Epidemiology and Phylogenetic Considerations

Table VIII. 11.1 lists the 16 members of the Arenaviridae, their known vertebrate hosts' geographic distribution, date of first finding, and authors) and dates of first description. Four of these are important agents in human disease: LCM, Junin, Machupo, and Lassa. In addition, 10 other members of the group are apparently nonpathogenic (for human beings). Epidemiological information about these is scanty, although several — particularly Tacaribe and Pichinde — have been studied intensively in the laboratory.

Table VIII.11.1. History and natural occurrence of arenaviruses

Virus

First finding

Natural Occurrence Principal host

Geographic distribution

First description

LCM

1933

Mus musculus

America, Europe

Armstrong and

Lillie 1934

Quaranfil

1953

Bubulcus ibis: pigeon Argas ticks

Egypt, S. Africa,

Taylor et al. 1966

Afghanistan, Ni

geria

Tacaribe"

1956

Artibeus literatus

Trinidad, West

Downs et al. 1963

Artibeus jamaicensis

Indies

Junin

1958

Calomys laucha

Argentina

Parodi et al. 1958

Akodon azarae

Amapari

1964

Oryzomys sp.

Brazil (Amazonas)

Pinheiro et al. 1966

Neacomys guianae

Araguari

1964

opossums

Brazil

USPHS 1988

Johnston Atoll

1964

Ornithodorus capensis

Johnston Atoll

Taylor et al. 1966

(Pacific)

Machupo

1965

Calomys callosus

lowland Bolivia

Johnson et al. 1965

Parana

1965

Oryzomys buccinatus

Paraguay

Webb et al. 1970

Tamiami

1965

Sigmodon hispidus

Florida (U.S.A.)

Calisher et al. 1970

Pichinde

1965

Oryzomys albigularis

Colombia

Trapido and

Thomasomys lugens

Sanmartin 1974

Latino

1965

Calomys callosus

Brazil, Bolivia

Webb et al. 1973

Lassa

1969

Praomys natalensis

Nigeria, Liberia

Buckley et al. 1970

Sierra Leone

Flexal

1975

Oryzomys bicolor

Edo. de Para, Brazil

Pinheiro et al. 1977

Mopeia

ca.1976

Praomys natalensis

Southeast Africa

Wulff et al. 1977

Mobala

ca.1982

Praomys jacksoni

Central African

Gonzalez et al. 1983

Republic

Note: Three of these viruses are already named in the International Catalogue of Arboviruses (1975 and 1988 update): Araguari, Quaranfil, and Johnston Atoll are considered possible Arenaviridae, the latter two on basis of electron microscopic studies (Zeller, personal communication, 1989). None of these three viruses has rodent hosts. aThe isolation of Tacaribe from mosquitoes is considered doubtful, and due to a possible laboratory numbering error (Downs et al. 1963).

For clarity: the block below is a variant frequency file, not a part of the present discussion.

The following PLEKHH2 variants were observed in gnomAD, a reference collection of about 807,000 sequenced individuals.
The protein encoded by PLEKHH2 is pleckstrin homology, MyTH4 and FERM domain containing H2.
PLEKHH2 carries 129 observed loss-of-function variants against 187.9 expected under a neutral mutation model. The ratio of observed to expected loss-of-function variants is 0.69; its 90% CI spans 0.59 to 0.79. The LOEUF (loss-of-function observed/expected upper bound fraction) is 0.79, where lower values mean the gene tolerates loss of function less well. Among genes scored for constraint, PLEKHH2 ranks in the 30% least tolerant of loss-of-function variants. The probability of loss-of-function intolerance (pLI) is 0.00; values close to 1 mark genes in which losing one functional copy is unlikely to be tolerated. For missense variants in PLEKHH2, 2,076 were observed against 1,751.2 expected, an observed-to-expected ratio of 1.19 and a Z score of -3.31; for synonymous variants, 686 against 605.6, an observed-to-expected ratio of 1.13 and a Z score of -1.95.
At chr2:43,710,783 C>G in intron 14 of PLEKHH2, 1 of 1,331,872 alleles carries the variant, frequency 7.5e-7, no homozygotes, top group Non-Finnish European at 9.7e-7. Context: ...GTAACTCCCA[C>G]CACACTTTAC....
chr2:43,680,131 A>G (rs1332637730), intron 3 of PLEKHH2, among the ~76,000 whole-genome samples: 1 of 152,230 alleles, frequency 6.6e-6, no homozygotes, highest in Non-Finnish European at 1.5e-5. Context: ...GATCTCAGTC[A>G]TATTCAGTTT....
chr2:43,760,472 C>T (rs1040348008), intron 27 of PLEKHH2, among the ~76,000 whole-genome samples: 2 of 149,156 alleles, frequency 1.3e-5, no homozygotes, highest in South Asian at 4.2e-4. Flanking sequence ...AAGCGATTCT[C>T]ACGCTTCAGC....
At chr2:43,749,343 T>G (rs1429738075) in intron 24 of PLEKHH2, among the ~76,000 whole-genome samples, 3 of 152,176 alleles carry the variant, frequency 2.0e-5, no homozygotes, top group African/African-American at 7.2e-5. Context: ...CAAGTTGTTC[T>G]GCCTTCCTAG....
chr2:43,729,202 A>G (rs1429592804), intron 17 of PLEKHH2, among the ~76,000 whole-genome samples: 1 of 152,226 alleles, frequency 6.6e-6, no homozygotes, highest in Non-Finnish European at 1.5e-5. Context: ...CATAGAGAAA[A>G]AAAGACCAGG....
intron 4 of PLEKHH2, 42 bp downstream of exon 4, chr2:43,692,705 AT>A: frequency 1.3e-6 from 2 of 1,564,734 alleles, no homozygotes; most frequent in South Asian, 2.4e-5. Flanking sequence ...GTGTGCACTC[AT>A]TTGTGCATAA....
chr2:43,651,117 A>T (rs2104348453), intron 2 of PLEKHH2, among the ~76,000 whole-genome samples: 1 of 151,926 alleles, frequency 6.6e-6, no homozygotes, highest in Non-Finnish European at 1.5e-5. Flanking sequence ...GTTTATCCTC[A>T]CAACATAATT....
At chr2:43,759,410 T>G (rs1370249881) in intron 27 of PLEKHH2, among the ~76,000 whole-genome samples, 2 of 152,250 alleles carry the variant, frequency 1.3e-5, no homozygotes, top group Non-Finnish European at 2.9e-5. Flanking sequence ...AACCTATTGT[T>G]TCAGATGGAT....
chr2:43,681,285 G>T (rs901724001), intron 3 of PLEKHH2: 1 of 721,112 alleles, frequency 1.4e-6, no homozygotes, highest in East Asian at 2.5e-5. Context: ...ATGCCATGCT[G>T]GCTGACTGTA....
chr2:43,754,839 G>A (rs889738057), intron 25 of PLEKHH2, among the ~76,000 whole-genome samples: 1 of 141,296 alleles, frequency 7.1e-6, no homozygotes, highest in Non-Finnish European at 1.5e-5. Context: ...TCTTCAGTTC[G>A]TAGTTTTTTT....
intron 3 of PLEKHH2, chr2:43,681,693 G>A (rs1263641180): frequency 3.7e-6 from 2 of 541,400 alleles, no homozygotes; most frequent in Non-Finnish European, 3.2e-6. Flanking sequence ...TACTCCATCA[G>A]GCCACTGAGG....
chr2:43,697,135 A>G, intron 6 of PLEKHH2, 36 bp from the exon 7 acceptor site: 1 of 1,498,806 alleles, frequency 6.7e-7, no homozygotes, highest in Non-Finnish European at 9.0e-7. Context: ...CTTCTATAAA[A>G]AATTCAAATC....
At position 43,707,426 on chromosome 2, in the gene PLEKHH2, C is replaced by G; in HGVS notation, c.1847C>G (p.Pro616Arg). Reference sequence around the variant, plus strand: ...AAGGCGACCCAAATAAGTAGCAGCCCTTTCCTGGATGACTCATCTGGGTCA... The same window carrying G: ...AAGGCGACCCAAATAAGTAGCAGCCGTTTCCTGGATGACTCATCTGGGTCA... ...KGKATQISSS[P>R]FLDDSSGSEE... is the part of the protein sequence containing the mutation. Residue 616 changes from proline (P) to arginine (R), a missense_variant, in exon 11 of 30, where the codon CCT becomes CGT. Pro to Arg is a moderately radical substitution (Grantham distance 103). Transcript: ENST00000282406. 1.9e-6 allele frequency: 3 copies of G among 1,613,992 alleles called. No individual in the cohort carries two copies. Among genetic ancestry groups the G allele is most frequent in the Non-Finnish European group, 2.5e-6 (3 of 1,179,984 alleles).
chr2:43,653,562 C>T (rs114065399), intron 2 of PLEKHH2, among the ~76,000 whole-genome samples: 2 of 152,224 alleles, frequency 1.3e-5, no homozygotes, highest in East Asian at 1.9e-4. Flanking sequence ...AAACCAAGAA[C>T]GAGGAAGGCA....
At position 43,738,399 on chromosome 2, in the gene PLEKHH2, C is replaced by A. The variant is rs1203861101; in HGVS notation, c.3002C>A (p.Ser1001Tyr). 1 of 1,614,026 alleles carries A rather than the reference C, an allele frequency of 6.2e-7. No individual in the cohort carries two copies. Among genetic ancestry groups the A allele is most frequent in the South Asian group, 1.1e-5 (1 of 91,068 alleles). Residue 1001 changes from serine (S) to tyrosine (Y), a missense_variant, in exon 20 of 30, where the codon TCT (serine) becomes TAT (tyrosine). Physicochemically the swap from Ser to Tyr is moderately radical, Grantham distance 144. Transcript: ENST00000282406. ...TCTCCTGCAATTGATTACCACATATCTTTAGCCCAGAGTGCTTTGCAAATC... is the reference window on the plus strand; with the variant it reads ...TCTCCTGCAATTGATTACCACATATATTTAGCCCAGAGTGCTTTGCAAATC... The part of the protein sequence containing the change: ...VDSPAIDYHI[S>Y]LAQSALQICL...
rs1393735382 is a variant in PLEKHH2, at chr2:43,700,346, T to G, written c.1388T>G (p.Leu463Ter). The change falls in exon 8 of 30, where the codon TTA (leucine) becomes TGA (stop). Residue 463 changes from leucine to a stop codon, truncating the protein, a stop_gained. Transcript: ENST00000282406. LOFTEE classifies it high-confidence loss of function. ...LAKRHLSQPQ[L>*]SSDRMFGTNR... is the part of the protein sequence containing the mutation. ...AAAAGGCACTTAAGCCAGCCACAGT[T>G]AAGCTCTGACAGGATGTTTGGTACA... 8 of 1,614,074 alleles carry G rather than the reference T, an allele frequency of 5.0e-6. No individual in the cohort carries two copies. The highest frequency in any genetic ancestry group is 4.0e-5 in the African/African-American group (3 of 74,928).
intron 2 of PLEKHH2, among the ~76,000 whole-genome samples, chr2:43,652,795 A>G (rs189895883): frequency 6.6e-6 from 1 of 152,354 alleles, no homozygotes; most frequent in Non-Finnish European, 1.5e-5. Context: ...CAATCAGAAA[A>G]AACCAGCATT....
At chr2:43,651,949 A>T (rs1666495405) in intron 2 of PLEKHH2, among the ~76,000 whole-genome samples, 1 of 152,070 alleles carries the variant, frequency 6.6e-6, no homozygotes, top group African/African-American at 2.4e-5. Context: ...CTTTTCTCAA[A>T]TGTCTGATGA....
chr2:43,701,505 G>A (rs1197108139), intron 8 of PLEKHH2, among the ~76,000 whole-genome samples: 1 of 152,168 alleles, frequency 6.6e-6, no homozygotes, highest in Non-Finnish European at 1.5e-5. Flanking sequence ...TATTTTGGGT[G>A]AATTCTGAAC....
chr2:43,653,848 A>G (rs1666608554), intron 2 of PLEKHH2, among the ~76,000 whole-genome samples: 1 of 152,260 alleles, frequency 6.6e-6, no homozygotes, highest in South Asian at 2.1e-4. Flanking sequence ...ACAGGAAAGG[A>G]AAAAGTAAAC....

Note: Three of these viruses are already named in the International Catalogue of Arboviruses (1975 and 1988 update): Araguari, Quaranfil, and Johnston Atoll are considered possible Arenaviridae, the latter two on basis of electron microscopic studies (Zeller, personal communication, 1989). None of these three viruses has rodent hosts. aThe isolation of Tacaribe from mosquitoes is considered doubtful, and due to a possible laboratory numbering error (Downs et al. 1963).

In regard to the Tacaribe group viruses, beginning with LCM, and continuing with other members of the group, a rodent association is usually found. Exceptions are Tacaribe, a virus isolated several times from bats in Trinidad in 1957 (and never reisolated there or elsewhere), and the two recently associated agents, Quaranfil and Johnston Atoll, found in birds and tick ectoparasites of birds (learned from personal communication with wife of H. Zeller in 1989).

A fascinating feature is the geographic-ecological-natural host range of the Arenaviridae. Each rodent species involved with an individual virus has its ecologically determined range, and thus delimits the territory of distribution of the virus. As can be seen in Table VIII. 11.1, the exception to the limited-host-range rule is the house mouse, M. musculus. The genus Mus is an Asiatic and European genus. Mus musculus is well adapted to the human environment and now has worldwide distribution but is found particularly in the temperate regions of America, Europe, and Asia. It moves where humans move, and communication by sea has opened the world to it, although in the tropics it has remained more restricted to coastal or riverine settlements.

Praomys natalensis, the multimammate mouse, is also very common; commensal with humans, it is widely distributed in Africa, and is associated with Lassa virus and Mopeia virus. Praomys jacksoni, another member of the genus, which holds 14 species, is associated with Mobala virus in the Central African Republic. The literature is confusing because Praomys is often referred to as Mastomys. Currently, however, Mastomys, Myomys, and Myomys-cus are all considered to be synonymous with Praomys (Honacki, Kinman, and Koeppl 1982). Praomys is placed in the rodent family Muridae.

The New World rodents associated with arenaviruses are all placed in the family Cricetidae, with several genera involved. It is likely that there have been many opportunities for virus dispersal as well as adaptation of viruses to new rodent hosts, when one considers (1) the number of viruses, such as LCM, Lassa, Junin, Machupo, and others; (2) the diversity of rodents; and (3) the rise (and later enormous development) of intracontinental and intercontinental traffic; and (4) the recently recognized pair of viruses Quaranfil and Johnston Atoll (provisionally placed in the Arenaviridae on the basis of electron microscopic studies), which are associated with birds that disperse widely. Thus it seems evident that the whole world is at risk for species radiation of Arenaviridae.

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